My visit to Davide Dormino’s studio in Pigneto, Rome. Photos & text by Glenn Belverio







Above: 1. Davide’s skull sculpture which I first saw at the A.I. exhibit at AltaRoma last summer & a marble sculpture. 2. Work in progress. 3. Piece that Davide created for Diego Buongiorno’s performance of “The Bush.” 4. Alessandro di Cola, designer of ShootinBags1981, hard at work 5. Part of the street art installation dedicated to Pier Paolo Pasolini 6. More art from the street show: Murals by Maupal of Pasolini’s eye and a tribute to Pasolini’s The Gospel According to ST. Matthew.


Dear Shaded Viewers,

While I was in Rome last month, I had a delightful visit at the studio of my friend Davide Dormino. A well-known artist who works in various media, particularly outsized sculptures, Davide lives and works in Pigneto, which is more or less a suburb on the outskirts of Rome. Pigneto is famous for being the bohemian neighborhood where Pier Paolo Pasolini hung out (most famously at the café Necci) and where he shot his first film, Accattone in 1961.


Davide explaining his latest project to me–which I think I might be involved in? I was photographed for it at the A.I. exhibit.


This piece by Davide is about Pasolini’s last day. On November 2, 1975, Pasolini dined with his friend Giuseppe Pelosi, a 17-year-old male prostitute, at the famous Roman café Il Biondo Tevere. After dinner, they went to the beach at Ostia where Pasolini was murdered. Originally, Pelosi confessed to the murder but he retracted that 29 years later. Rumors abound about his death, and one of the theories is that Pasolini was murdered for political reasons, because he was a Communist.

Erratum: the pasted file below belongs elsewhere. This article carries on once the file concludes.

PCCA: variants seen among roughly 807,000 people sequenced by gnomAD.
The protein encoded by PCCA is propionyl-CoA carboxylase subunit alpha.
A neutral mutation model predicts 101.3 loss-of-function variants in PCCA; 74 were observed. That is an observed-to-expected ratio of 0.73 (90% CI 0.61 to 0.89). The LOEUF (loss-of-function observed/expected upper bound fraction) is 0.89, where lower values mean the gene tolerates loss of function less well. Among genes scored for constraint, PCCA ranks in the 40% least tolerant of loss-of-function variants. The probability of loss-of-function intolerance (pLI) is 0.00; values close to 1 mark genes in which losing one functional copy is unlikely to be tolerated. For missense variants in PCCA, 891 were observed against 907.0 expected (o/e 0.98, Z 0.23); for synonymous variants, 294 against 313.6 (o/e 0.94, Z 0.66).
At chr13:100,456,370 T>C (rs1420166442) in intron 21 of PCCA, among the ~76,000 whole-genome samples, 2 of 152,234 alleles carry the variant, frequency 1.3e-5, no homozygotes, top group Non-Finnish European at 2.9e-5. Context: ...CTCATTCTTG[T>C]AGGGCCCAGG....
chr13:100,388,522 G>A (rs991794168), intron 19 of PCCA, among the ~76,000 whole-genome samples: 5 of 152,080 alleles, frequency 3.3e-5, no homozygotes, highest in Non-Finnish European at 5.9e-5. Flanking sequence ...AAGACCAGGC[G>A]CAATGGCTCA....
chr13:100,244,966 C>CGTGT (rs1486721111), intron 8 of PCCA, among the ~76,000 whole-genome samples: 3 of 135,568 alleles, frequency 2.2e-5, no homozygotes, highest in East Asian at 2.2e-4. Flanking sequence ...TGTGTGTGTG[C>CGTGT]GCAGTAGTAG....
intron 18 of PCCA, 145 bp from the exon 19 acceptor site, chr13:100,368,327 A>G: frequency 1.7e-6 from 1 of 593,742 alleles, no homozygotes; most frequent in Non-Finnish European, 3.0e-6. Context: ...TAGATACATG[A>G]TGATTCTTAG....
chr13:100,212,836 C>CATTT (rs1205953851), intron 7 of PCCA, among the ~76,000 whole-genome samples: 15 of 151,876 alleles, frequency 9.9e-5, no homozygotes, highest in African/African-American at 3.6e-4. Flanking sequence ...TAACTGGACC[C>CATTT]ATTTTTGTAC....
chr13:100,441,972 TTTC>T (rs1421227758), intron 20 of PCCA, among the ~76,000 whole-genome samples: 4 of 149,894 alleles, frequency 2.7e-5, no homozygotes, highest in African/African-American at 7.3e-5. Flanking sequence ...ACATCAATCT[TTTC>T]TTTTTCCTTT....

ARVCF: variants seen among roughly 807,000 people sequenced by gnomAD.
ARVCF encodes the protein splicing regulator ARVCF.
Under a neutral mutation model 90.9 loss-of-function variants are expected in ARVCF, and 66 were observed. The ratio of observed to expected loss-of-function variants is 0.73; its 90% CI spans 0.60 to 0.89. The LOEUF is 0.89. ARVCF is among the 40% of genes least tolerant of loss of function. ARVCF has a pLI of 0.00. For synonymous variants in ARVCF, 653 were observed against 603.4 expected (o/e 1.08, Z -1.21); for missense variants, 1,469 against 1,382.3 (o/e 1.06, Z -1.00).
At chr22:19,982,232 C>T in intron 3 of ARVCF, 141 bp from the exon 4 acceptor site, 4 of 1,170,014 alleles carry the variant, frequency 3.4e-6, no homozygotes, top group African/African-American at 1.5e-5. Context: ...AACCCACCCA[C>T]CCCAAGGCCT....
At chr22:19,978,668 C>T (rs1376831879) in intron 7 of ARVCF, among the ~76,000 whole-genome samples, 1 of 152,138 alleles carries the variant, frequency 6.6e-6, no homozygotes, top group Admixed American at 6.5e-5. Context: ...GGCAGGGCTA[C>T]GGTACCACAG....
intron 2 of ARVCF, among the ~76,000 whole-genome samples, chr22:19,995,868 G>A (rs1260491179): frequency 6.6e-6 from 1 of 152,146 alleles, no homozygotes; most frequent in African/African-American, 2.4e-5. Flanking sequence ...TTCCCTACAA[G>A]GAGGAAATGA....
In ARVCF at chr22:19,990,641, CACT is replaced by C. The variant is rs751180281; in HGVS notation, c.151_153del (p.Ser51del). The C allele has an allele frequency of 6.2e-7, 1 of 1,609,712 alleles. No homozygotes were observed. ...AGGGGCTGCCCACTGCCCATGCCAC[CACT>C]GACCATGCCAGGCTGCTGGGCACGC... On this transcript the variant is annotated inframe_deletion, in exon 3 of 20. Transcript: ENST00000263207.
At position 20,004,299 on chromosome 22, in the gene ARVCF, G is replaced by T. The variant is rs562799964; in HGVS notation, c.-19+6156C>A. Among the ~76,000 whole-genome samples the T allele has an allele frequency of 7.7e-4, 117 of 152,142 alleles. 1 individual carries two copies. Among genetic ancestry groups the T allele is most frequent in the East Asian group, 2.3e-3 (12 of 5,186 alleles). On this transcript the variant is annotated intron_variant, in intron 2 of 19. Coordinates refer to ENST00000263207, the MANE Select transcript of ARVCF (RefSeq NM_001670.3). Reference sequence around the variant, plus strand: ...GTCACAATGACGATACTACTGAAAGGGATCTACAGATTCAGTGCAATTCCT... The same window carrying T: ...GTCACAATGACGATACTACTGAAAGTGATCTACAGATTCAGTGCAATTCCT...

When Davide conceived this piece, he went to Il Biondo Tevere to see if he could buy two of the chairs that were used in the restaurant in 1975. To his dismay, the café had changed their decor and the old chairs had been replaced. But then the proprietor took him down into the basement and the old chairs were in storage. He gave two to Davide? Are they the exact two chairs that Pasolini and Pelosi sat in on that fateful day? I think so!



This is a work in progress that hasn’t been shown yet. Seven archetypes (your mother, father, teacher, lover) rendered in aluminum that will be hung on the wall like hunting trophies.



An installation that is an homage to Alexander McQueen.



I really love these giant spikes!



I met Sacha Turchi, who is one of Davide’s art students. She showed me her sculpture “Placito” which replicates dorsal spines with microphone attached. Viewers can interact with the sculpture and create various sounds by touching it. It’s a statement about healing.



ShootingBags1981 designer Alessandro Di Cola, who I featured in my report on the recent A.I. exhibit at AltaRoma, shares the studio with Davide. Here’s one of his Mongolian lamb fur bags.



Alessandro models one of his horsehair creations. Chic!


More ShootingBags1981 in the workshop.




I had a wonderful brunch with Davide and Alessandro at a place near their studio, and then we made the obligatory visit to Paolini’s old watering hole, Necci, for some coffee.


Portraits of the great director are hung all over the café.


I took this photo of this Pasolini portrait during my first visit to Necci, back in 2009. I’m not sure if it’s still there.


Necci’s bathroom back in 2009.


I love some of the street art in Pigneto. The other good place for spotting street art is in San Lorenzo. You really don’t see it in Rome’s city center.

Thanks for reading.


Glenn Belverio


Glenn Belverio

Glenn Belverio is a writer and New Yorker. He has been reporting for ASVOF since 2005 and currently works at The Museum of Modern Art as the Content Manager for MoMA Design Store.